127. 127.
    Romani L. Immunity to fungal infections. Nat Rev Immunol. 2011;11:275–88.PubMedCrossRefPubMedCentralGoogle Scholar
  128. 128.
    Mease PJ, van der Heijde D, Ritchlin CT, et al. Ixekizumab, an interleukin-17A specific monoclonal antibody, for the treatment of biologic-naive patients with active psoriatic arthritis: results from the 24-week randomised, double-blind, placebo-controlled and active (adalimumab)-controlled period of the phase III trial SPIRIT-P1. Ann Rheum Dis. 2017;76:79–87.PubMedCrossRefPubMedCentralGoogle Scholar
  129. 129.
    Gordon KB, Blauvelt A, Papp KA, et al. Phase 3 trials of ixekizumab in moderate-to-severe plaque psoriasis. N Engl J Med. 2016;375:345–56.PubMedCrossRefPubMedCentralGoogle Scholar
  130. 130.
    Winthrop KL. The emerging safety profile of JAK inhibitors in rheumatic disease. Nat Rev Rheumatol. 2017;13:234–43.PubMedCrossRefPubMedCentralGoogle Scholar
  131. 131.
    Cohen S, Radominski SC, Gomez-Reino JJ, et al. Analysis of infections and all-cause mortality in phase II, phase III, and long-term extension studies of tofacitinib in patients with rheumatoid arthritis. Arthritis Rheumatol. 2014;66:2924–37.PubMedCrossRefPubMedCentralGoogle Scholar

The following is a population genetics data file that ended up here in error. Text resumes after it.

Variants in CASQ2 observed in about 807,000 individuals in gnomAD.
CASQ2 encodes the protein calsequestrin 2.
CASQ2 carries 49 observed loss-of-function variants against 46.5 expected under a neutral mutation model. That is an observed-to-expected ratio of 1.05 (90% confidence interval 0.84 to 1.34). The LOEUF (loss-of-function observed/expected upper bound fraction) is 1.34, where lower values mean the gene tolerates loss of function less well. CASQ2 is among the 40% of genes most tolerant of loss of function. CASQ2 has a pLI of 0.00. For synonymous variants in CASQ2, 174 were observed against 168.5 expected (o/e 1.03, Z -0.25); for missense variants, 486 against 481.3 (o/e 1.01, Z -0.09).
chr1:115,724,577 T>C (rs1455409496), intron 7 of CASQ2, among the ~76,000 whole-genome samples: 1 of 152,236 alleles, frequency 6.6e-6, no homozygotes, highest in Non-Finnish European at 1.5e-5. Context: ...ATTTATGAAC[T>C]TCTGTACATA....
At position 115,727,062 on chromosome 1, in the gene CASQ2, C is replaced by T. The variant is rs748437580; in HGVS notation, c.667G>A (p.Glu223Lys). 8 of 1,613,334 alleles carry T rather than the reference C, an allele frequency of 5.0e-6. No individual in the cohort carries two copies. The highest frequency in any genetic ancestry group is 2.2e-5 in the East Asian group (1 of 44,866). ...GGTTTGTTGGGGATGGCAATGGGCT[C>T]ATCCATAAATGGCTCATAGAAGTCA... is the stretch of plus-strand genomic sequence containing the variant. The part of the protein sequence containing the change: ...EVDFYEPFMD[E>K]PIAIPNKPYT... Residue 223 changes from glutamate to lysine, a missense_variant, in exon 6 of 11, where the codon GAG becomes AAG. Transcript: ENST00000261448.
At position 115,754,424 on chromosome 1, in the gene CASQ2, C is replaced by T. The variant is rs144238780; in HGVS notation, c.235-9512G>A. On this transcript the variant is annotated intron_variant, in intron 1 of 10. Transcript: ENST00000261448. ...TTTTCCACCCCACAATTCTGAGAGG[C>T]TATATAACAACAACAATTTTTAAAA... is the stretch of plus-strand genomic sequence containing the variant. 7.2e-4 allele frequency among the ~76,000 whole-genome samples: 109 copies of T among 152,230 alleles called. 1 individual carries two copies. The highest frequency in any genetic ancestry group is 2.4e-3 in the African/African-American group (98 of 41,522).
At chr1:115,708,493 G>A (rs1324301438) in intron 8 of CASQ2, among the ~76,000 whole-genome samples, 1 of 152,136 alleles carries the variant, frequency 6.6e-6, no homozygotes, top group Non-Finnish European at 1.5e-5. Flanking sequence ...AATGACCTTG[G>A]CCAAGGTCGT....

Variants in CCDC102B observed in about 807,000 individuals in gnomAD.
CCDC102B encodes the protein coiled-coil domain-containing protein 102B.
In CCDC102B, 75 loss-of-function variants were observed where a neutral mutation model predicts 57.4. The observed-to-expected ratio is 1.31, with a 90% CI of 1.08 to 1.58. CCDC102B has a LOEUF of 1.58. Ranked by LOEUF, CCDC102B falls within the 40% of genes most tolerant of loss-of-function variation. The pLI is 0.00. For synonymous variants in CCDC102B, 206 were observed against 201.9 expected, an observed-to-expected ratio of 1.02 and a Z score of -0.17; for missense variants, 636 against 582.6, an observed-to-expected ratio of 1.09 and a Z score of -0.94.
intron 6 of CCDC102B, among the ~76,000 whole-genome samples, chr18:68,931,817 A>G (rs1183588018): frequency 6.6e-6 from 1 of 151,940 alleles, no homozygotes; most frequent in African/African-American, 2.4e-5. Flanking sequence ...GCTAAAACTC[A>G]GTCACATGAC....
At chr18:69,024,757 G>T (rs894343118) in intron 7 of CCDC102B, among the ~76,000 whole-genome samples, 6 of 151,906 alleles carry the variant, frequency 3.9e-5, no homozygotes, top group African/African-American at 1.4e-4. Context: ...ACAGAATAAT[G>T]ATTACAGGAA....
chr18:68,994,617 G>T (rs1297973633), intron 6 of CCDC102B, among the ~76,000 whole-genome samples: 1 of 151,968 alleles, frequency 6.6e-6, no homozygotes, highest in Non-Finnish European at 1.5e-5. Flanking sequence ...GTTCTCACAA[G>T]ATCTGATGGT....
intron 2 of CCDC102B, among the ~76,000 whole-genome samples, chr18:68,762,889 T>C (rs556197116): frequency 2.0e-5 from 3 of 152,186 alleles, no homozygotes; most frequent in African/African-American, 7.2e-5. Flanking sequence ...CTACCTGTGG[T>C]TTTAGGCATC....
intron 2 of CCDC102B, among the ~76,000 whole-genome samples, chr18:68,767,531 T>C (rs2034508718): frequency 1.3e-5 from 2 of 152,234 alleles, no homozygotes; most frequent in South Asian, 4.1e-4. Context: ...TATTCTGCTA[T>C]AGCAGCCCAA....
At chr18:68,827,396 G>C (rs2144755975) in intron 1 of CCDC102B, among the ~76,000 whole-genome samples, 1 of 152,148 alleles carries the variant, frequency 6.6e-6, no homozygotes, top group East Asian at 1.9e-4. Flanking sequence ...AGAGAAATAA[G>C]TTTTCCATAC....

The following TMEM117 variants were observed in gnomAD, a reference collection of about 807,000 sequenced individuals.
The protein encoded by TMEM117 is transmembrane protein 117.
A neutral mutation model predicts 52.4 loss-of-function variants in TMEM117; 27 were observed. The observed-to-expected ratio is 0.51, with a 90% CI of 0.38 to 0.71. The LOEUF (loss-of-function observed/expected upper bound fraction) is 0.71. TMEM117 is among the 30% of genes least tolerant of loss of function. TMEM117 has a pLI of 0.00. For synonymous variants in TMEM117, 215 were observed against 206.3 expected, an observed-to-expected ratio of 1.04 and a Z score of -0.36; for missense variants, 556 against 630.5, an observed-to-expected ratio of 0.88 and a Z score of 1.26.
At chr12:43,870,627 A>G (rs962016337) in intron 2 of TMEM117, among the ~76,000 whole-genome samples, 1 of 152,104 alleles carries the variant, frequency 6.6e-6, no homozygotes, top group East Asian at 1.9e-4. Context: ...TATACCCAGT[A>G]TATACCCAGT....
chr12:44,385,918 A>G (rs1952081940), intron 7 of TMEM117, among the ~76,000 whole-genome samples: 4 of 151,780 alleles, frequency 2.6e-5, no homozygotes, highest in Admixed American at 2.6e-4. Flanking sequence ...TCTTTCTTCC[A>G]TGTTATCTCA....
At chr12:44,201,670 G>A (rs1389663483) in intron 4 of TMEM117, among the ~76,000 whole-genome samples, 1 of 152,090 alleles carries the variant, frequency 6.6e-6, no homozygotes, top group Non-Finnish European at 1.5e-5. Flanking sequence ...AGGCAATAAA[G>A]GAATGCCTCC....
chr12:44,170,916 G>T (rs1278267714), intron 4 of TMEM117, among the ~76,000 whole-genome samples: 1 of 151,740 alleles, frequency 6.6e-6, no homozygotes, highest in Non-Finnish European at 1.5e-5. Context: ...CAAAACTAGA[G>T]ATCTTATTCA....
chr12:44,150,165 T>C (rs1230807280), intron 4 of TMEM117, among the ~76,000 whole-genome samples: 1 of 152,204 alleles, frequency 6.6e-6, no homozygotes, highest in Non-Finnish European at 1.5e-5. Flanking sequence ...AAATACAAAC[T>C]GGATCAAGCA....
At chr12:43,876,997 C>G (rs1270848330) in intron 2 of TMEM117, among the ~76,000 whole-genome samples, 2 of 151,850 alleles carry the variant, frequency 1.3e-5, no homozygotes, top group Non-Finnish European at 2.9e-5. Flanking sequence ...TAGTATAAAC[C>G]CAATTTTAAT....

132. 132.
    Winthrop KL, Yamanaka H, Valdez H, et al. Herpes zoster and tofacitinib therapy in patients with rheumatoid arthritis. Arthritis Rheumatol. 2014;66:2675–84.PubMedPubMedCentralCrossRefGoogle Scholar
  133. 133.
    Winthrop KL, Park SH, Gul A, et al. Tuberculosis and other opportunistic infections in tofacitinib-treated patients with rheumatoid arthritis. Ann Rheum Dis. 2016;75:1133–8.PubMedCrossRefPubMedCentralGoogle Scholar
  134. 134.
    Sokka T, Abelson B, Pincus T. Mortality in rheumatoid arthritis: 2008 update. Clin Exp Rheumatol. 2008;26:S35–61.PubMedPubMedCentralGoogle Scholar
  135. 135.
    van den Hoek J, Boshuizen HC, Roorda LD, et al. Mortality in patients with rheumatoid arthritis: a 15-year prospective cohort study. Rheumatol Int. 2017;37:487–93.PubMedCrossRefPubMedCentralGoogle Scholar
  136. 136.